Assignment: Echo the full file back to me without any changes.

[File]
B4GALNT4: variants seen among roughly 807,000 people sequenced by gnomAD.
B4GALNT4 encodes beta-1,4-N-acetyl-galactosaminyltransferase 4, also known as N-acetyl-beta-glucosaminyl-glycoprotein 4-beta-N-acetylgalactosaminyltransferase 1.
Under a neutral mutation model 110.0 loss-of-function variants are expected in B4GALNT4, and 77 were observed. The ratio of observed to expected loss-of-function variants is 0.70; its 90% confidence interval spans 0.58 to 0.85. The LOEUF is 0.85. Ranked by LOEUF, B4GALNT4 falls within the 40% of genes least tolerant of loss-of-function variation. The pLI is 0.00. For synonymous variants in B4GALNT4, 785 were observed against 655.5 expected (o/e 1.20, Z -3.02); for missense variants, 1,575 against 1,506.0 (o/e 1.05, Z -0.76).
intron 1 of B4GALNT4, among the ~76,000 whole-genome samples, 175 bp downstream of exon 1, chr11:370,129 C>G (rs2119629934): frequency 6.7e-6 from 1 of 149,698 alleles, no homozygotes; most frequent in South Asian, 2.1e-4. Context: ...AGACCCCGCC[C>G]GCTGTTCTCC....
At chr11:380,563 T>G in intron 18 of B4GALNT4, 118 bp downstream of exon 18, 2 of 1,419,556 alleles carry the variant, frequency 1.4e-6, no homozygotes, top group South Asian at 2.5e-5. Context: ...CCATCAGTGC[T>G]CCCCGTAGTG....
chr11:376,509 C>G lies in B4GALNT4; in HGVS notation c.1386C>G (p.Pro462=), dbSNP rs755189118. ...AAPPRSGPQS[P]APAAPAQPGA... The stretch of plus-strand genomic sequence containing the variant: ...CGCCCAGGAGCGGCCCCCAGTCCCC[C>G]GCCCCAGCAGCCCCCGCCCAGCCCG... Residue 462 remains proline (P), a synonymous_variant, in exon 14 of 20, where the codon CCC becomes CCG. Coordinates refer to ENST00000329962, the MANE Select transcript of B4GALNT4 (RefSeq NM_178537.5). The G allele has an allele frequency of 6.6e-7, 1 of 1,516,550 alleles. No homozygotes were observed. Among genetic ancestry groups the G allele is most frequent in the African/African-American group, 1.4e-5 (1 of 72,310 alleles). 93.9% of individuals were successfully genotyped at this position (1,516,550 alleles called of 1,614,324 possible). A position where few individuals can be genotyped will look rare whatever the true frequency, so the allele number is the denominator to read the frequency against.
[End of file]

B4GALNT4: variants seen among roughly 807,000 people sequenced by gnomAD.
B4GALNT4 encodes beta-1,4-N-acetyl-galactosaminyltransferase 4, also known as N-acetyl-beta-glucosaminyl-glycoprotein 4-beta-N-acetylgalactosaminyltransferase 1.
Under a neutral mutation model 110.0 loss-of-function variants are expected in B4GALNT4, and 77 were observed. The ratio of observed to expected loss-of-function variants is 0.70; its 90% confidence interval spans 0.58 to 0.85. The LOEUF is 0.85. Ranked by LOEUF, B4GALNT4 falls within the 40% of genes least tolerant of loss-of-function variation. The pLI is 0.00. For synonymous variants in B4GALNT4, 785 were observed against 655.5 expected (o/e 1.20, Z -3.02); for missense variants, 1,575 against 1,506.0 (o/e 1.05, Z -0.76).
intron 1 of B4GALNT4, among the ~76,000 whole-genome samples, 175 bp downstream of exon 1, chr11:370,129 C>G (rs2119629934): frequency 6.7e-6 from 1 of 149,698 alleles, no homozygotes; most frequent in South Asian, 2.1e-4. Context: ...AGACCCCGCC[C>G]GCTGTTCTCC....
At chr11:380,563 T>G in intron 18 of B4GALNT4, 118 bp downstream of exon 18, 2 of 1,419,556 alleles carry the variant, frequency 1.4e-6, no homozygotes, top group South Asian at 2.5e-5. Context: ...CCATCAGTGC[T>G]CCCCGTAGTG....
chr11:376,509 C>G lies in B4GALNT4; in HGVS notation c.1386C>G (p.Pro462=), dbSNP rs755189118. ...AAPPRSGPQS[P]APAAPAQPGA... The stretch of plus-strand genomic sequence containing the variant: ...CGCCCAGGAGCGGCCCCCAGTCCCC[C>G]GCCCCAGCAGCCCCCGCCCAGCCCG... Residue 462 remains proline (P), a synonymous_variant, in exon 14 of 20, where the codon CCC becomes CCG. Coordinates refer to ENST00000329962, the MANE Select transcript of B4GALNT4 (RefSeq NM_178537.5). The G allele has an allele frequency of 6.6e-7, 1 of 1,516,550 alleles. No homozygotes were observed. Among genetic ancestry groups the G allele is most frequent in the African/African-American group, 1.4e-5 (1 of 72,310 alleles). 93.9% of individuals were successfully genotyped at this position (1,516,550 alleles called of 1,614,324 possible). A position where few individuals can be genotyped will look rare whatever the true frequency, so the allele number is the denominator to read the frequency against.